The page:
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111 Modified Movement Complete


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Hi Guys,


I just finished performing the mods on my 111 movement and thought I would share some pics.  I still need to do some final timing adjustments and then case it up.  Here is a list of mods:


Genuine Incabloc Installed

Shaped Swan Neck Spring

Flat Polished the Click Screw, Ratchet Screw, Crown Wheel Screw, and Set Lever Screw

Polished the Click

Brushed the Center, Third, and Fourth Wheels (not quite spec but better)

Installed ETA Polished Ratchet and Crown Wheels

Flat Polished the Canon Pinion

Brushed the Set Lever Spring

Serviced Movement


The only thing that I would like to add is a better swan neck screw.  I am hoping that this will become a reality someday.  I have yet to see one that looks identical to the real deal.  As always, thanks for looking and feel free to comment (good, bad, or ugly)


Here are some pics.........


















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I had some free time this weekend and wasn't happy using the nickel plated hour wheel after Wolf's question regarding said hour wheel.  I had come this far, so what was a few more hours.  I read that you can use bleach or acetone to remove nickel plating, so I gave that a try.  After several hours, the bleach looked like it was sort of working and the acetone not at all.  I remembered that I had some nickel removing powder left over from a project that never happened and gave that a try.  It worked like a charm and only took an hour or two to get it completely removed.  After that, it was just a matter of brushing the finish back on.  I still need to get some tung oil to help seal the brass from corrosion but I think it turned out well.  Here it is next the standard nickel hour wheel and mounted on the movement.  Thanks to Wolf for the challenge :) :) :)









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Great job, omgiv, what was the nickel-removing powder that you ended up using? Was it just a water solution or did you have to use plating electrodes?

Also, to answer your earlier question about how visible it is when cased, I'd say it's very visible once you know about it:







Looking at these, I'm also thinking that it's possible that OP may not be using the 2.15mm/3.15mm HW/CP H3 kit that we in the rep world are so accustomed to. The crystal distortion & magnification adds to the effect, but doesn't it seem like there's just a hair too much space between the hour hand and the minute hand? I think it's not out of the question that OP used a combination of H2 HW and H3 CP.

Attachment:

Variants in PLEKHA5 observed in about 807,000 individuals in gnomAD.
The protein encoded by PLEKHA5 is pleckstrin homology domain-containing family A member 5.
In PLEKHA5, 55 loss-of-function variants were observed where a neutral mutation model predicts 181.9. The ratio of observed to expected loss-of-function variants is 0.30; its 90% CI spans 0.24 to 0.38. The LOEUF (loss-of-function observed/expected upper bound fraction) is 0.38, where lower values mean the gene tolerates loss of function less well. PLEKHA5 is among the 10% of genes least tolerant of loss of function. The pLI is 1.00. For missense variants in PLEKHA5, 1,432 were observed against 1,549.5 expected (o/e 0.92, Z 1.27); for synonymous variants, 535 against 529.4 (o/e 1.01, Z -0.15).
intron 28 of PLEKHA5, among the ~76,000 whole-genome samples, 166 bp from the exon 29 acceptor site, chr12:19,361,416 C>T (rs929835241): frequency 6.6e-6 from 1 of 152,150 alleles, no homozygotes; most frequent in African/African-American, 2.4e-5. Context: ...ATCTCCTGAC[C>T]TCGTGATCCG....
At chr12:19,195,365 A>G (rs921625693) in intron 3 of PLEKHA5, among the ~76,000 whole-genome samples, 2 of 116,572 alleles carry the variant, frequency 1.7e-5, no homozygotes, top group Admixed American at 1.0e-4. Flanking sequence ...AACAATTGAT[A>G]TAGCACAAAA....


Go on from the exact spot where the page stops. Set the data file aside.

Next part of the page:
I found that the brass HW seems to be unique to ETA6497-2 based calibers because if you look at PreV watches with the ETA6497-1, their HWs are nickel plated:



And fully cased PreV, you can clearly see the separation between the exposed (and oxidized brownish) brass of the hour hand tube and the nickel plated HW underneath it:


ETA6497-2 was introduced at the same time as Vendome takeover, and sure enough, as early as the first PreA watches the hour wheel is already brass:


Lastly, in order to make a longer micrometric screw, and it's not a good solution by any means, you can either use two screws by decapitating one for its shank and another as a whole and screw them in from either end of the swanneck separately. Alternatively cut just the one screw in half and use loctite to get just its ends secure in the swanneck which will give you the illusion of a longer screw.

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Hi Wolf,


The stripper that I used is water soluble and came from caswellplating.com.  It is called their B9 nickel stripper.  It works quickly and I am trying to see if it will just strip the nickel or attack the brass if left in too long.


Thanks for the additional pictures.  I honestly had never seen pictures taken from those angles to tell.  It is pretty obvious once you see it though.  Thanks again!!!

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Well, I think that I can call my 111 as good as I can get it (right now).  I used to own a genuine 111 but I couldn't justify owning it.  The styling was awesome but at the end of the day, it had an ETA movement.  I believe this is about 98% as good as that one was.  Plus I don't have to justify owning it to myself :)  The only problem now is that I have a 243 on its way and am looking into getting a 127.  I hope the fever isn't catching....


This one has been a real pleasure to work on and a refreshing change from my usual Rolexes.  The only thing that I am unhappy with is that I had to use dial dots to secure the dial to the movement.  The dial feet weren't wide enough for the screws to grab.  The package of dial feet that I had were also not wide enough.  Other than that, I am happy with how it turned out.  The movement mods are listed above in the thread.  The only thing extra I did was strip the hour wheel down to the brass.  I am glad that I did because it is a very nice subtle change.


Anyway, here are some picture of the final product.  I also made a new crown guard pin since I wasn't 100% please with the stock one.  Thanks for all of the lookers and helpers.  Without you, this couldn't have been done.




















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Great results, I have two small mod suggestions both on the crown, one is functional the other is purely cosmetic.